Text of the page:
European Central Bank
European Central Bank is right to keep interest rates low (Reuters)

A senior figure within the European Central Bank claims the introduction of the Outright Monetary Transaction programme has played a key role in preventing the financial fragmentation of the eurozone.

Benoit Cœuré, who is a member of the ECB's executive board, defended the policy during a speech in Geneva.

"The OMT programme has successfully contributed to the normalisation of Europe's financial market and largely restored the attractiveness of a broader set of saving opportunities," Cœuré said.

"Thanks to the introduction of the OMT, the strong divergence in funding costs across countries has been to some extent reduced."

Cœuré also praised other unconventional measures taken by the ECB to cushion the effects of Europe's sovereign debt crisis, including low interest rates and "the unlimited provision of liquidity to banks".

Justifying Low Interest Rates

The argument that permanently low interest rates penalise savers was taken on directly by Cœuré, who claimed that such rates were "the necessary response to bring the economy back on to a sustainable growth path in an environment of price stability."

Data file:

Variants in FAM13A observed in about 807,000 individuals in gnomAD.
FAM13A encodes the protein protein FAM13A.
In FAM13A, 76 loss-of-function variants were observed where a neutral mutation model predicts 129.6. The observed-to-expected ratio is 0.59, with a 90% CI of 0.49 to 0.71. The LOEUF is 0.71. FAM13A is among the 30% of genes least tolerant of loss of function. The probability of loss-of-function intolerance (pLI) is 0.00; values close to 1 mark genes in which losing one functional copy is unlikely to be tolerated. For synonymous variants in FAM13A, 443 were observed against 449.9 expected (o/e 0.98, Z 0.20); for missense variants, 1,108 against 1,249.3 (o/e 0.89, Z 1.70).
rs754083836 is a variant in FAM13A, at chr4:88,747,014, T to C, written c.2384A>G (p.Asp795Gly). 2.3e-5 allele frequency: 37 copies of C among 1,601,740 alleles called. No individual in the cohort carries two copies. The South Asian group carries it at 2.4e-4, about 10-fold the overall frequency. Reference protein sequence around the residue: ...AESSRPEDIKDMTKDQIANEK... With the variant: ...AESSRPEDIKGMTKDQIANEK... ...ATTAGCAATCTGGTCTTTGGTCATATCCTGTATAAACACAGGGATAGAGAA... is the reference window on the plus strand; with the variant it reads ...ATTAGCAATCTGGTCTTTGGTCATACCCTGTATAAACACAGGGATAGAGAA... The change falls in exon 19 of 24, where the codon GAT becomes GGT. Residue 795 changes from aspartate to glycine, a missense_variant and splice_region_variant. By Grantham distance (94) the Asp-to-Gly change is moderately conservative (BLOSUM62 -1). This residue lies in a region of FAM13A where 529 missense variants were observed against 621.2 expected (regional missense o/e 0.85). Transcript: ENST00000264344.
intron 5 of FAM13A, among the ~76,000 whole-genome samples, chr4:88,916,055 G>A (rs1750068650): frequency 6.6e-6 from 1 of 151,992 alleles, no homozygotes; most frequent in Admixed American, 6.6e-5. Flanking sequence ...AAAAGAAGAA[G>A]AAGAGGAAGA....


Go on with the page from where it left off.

Although Cœuré acknowledged low interest rates could harm savers, he said that high interest rates in the context of a recession would harm savers in the long run, and could strangle economic growth.

"Far from helping savers, higher monetary policy interest rates would only have depressed the economy further, delayed the recovery and contributed to downside risks to price stability."

No Evidence of Inflation

The idea that ECB interest rates were too low and could stoke inflation in the eurozone was criticised by Cœuré, who said: "The latest ECB Staff macroeconomic projections for the euro area foresee a rate of annual inflation in 2014 of only 1.3%, down from 1.5% in 2013 - both rates somewhat below our own definition of price stability, which is below, but close to, 2%.

"Inflation projections therefore do not support the hypothesis that ECB policy interest rates are excessively low."

Due to a threat of deflation rather than inflation in the eurozone, he argued that the ECB'S 0.5% interest rate should continue.

"If anything, our staff estimates that real output in the euro area will contract by 0.4% in 2013, and return to a timid 1% growth in 2014, justifying an easing bias to future monetary policy decisions."